The global novel coronavirus pandemic has claimed more than 120,000 lives around the world.
The United States now has more than 600,000 diagnosed cases and suffered at least 25,000 deaths. The death toll in New York, the epicenter of the pandemic in the U.S., has surpassed 10,000.
Since the novel coronavirus hit the U.S., John Moore, a senior staff photographer and special correspondent for Getty Images, has documented several aspects of the crisis. His work has included stories on the impact of the pandemic on undocumented Honduran immigrants, virus testing, families isolating at home, as well as the initial outbreak in Washington state.
Moore was based overseas for 17 years. Since his return to the U.S., his work has primarily focused on immigration and the U.S.-Mexico border. Among his many awards was the World Press photo of the year award in 2019 for his image of a young Honduran girl in tears while her mother is detained by U.S. Border Patrol.
This month the photographer spent time documenting the work of Empress emergency medical services personnel in Westchester County and the Bronx in New York. Empress EMS has 575 EMTs and paramedics treating and transporting patients to hospitals throughout Westchester County and parts of New York City. Moore also photographed the work of EMS workers in Stamford, Connecticut.
"They are the most front line first responders in this fight against COVID-19. They care deeply about what they do, and that's about saving lives," said Moore.
In 2014, Moore covered the Ebola crisis in Liberia extensively. He described the novel coronavirus as being easier to contract than Ebola and therefore requiring different precautions for himself.
"I never expected the PPE set I used in Liberia would be useful in covering an epidemic where I live, but this pandemic has made us rethink all parts of our lives, both on personal levels and larger ones," he said.
Moore focuses on building relationships and trust with the people he photographs. He "wants families to feel they are part of the coverage." The photographer explained, "More people than not want their story to be told, if it can be done with integrity and respect. Some people are OK with showing their faces and others prefer anonymity." He is sensitive to people's privacy and maintaining their dignity.
Capt. AJ Briones, in EMS for 12 years, hasn't seen his elderly parents or brother since the beginning of March to keep them safe. He explained that the call volume for Empress EMS had doubled, some days nearly tripled, since the first coronavirus case in Westchester in early March.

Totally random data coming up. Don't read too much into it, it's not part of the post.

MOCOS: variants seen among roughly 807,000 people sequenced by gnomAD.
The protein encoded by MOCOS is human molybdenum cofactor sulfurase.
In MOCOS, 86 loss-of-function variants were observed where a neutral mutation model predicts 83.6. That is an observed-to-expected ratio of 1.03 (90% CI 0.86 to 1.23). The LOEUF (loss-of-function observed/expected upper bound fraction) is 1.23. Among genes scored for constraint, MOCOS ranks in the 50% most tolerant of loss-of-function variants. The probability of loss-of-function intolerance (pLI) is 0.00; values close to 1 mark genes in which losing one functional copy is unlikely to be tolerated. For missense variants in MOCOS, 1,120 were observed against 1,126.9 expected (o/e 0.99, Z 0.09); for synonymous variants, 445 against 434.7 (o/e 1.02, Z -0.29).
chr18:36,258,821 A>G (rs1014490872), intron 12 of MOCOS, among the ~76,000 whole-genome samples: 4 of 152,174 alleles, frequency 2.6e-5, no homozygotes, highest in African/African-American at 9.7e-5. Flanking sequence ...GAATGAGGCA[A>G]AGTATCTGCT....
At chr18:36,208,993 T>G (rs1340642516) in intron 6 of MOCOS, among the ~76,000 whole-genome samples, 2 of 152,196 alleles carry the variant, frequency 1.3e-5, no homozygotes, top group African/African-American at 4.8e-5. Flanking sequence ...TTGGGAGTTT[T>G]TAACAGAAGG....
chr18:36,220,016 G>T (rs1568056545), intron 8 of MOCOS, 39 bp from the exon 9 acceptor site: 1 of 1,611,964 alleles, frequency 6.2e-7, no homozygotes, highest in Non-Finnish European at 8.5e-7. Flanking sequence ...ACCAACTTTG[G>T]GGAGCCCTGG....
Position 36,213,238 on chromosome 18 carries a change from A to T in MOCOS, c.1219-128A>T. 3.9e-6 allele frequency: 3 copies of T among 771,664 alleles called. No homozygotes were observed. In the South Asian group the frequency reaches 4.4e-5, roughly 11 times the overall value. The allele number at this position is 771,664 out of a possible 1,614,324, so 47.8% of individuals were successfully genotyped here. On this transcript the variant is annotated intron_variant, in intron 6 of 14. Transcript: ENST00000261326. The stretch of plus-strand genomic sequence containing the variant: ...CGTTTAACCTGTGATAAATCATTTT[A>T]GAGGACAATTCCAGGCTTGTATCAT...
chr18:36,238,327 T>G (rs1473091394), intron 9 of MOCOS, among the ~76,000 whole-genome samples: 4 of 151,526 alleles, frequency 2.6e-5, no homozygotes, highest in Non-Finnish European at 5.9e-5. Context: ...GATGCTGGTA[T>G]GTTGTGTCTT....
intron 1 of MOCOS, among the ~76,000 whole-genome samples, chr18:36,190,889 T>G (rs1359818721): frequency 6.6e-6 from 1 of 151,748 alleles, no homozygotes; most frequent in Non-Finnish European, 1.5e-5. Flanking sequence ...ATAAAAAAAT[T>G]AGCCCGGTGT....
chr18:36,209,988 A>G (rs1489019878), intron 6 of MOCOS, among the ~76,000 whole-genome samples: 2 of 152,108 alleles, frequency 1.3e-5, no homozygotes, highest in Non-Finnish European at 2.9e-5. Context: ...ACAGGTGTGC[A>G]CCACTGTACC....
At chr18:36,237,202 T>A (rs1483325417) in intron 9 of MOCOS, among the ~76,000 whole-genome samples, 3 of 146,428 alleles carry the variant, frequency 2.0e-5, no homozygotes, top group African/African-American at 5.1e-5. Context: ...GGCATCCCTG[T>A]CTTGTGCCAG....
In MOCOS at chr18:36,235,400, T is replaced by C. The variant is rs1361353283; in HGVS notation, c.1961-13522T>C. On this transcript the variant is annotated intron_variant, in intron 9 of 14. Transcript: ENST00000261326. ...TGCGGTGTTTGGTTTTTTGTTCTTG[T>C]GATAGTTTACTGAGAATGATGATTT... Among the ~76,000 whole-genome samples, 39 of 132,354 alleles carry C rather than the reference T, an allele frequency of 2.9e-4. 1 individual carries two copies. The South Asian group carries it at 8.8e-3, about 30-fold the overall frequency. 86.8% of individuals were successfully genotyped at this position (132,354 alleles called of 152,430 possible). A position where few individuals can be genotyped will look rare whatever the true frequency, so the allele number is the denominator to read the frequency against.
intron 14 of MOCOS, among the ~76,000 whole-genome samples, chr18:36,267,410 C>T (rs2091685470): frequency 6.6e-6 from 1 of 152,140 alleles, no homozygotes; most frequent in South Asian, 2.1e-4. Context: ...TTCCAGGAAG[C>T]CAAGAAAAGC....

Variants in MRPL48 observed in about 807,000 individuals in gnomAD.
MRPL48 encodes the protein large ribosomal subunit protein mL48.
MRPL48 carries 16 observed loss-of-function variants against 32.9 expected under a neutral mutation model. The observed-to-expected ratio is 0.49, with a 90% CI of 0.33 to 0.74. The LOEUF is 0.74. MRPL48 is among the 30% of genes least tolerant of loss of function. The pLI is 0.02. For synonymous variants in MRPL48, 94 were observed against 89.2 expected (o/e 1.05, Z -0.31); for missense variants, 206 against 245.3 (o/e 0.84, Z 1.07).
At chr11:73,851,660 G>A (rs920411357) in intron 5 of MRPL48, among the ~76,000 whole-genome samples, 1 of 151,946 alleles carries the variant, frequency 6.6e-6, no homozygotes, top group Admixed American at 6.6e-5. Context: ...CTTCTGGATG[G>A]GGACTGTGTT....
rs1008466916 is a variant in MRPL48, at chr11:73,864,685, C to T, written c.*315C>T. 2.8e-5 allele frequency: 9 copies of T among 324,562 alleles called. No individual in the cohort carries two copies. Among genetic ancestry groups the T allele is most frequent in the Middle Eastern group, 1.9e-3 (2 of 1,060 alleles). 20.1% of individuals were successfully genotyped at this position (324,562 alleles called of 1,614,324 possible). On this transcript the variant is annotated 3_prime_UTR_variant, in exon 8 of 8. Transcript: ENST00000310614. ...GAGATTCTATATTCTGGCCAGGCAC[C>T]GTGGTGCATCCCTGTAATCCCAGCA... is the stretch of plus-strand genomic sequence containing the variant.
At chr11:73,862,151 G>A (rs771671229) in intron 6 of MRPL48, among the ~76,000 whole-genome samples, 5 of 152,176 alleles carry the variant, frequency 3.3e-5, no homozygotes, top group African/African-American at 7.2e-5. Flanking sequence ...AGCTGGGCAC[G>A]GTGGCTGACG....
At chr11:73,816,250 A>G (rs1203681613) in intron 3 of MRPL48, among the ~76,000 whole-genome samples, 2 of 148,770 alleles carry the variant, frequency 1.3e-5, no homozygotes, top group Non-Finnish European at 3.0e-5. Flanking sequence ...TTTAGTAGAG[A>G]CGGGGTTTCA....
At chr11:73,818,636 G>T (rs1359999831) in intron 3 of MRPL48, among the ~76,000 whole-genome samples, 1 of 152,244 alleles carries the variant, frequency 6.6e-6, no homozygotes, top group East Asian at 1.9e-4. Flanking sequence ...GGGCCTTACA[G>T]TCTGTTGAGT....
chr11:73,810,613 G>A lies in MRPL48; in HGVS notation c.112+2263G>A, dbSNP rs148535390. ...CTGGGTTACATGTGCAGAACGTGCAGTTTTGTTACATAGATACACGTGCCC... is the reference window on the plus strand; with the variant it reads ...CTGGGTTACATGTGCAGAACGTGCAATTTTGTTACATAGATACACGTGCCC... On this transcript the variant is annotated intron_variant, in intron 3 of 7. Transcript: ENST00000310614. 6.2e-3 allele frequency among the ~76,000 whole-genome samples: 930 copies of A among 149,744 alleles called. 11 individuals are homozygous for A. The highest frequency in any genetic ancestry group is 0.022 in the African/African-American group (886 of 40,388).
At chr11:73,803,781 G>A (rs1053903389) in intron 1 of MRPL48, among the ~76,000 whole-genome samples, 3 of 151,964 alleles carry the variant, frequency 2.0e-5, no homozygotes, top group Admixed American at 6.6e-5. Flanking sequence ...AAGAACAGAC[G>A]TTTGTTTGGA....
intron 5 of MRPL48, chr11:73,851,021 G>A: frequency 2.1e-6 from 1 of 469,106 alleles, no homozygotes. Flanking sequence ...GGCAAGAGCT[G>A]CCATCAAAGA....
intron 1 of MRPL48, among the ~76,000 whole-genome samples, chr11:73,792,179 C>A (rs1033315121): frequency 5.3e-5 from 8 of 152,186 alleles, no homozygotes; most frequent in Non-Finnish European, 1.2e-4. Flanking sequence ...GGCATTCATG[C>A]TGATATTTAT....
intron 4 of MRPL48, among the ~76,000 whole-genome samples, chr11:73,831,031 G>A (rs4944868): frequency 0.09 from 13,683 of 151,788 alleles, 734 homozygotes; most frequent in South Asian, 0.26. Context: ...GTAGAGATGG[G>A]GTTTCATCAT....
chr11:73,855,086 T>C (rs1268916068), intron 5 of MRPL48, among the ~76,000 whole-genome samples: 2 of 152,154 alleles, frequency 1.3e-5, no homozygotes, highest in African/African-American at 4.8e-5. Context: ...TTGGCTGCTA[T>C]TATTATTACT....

"We've trained for this, for infectious disease, for mass casualties," Briones said. "Typically, you don't have them at the same time. It's stressful. It's nothing I've ever seen before." He's proud of the work that they are doing every day.
"It was a powerful scene and certainly left an impression on me," Moore said in describing the visit to the home of a gravely ill 92-year-old man.
"The EMS captain, AJ Briones, gave him medication to put him to sleep, then did a rapid sequence intubation (RSI). By knocking him out, they said it would reduce the risk that the man would be coughing during the procedure, considering the virus becomes aerosolized in a cough."
Briones wore additional PPE while performing the intubation in the patient's airway.
The transfer of coronavirus patients from the Westchester Square campus of Montefiore Medical Center are staffed by Empress EMS, Yonkers police and hospital staff on both ends wearing PPE. A specialized bus known as a medical evacuation transport unit, carries patients on stretchers and benches.
Stamford now has more than 1,000 confirmed coronavirus cases, the highest of any city in Connecticut. The majority of Stamford EMS calls are now for suspected COVID-19 patients.
The patient transfers are designed to help overwhelmed hospitals even out case loads in Westchester County and New York City, at the epicenter of the U.S. coronavirus pandemic.
Empress EMS personnel can choose to work eight-, 10-, 12- or 16-hour shifts.
"Our teams are stressed, absolutely," Briones said. He explained the company reaches out to make sure everyone working is OK.
"We are an integral part of that health care wheel," said Briones. "The most important part for us is that we are all in this together."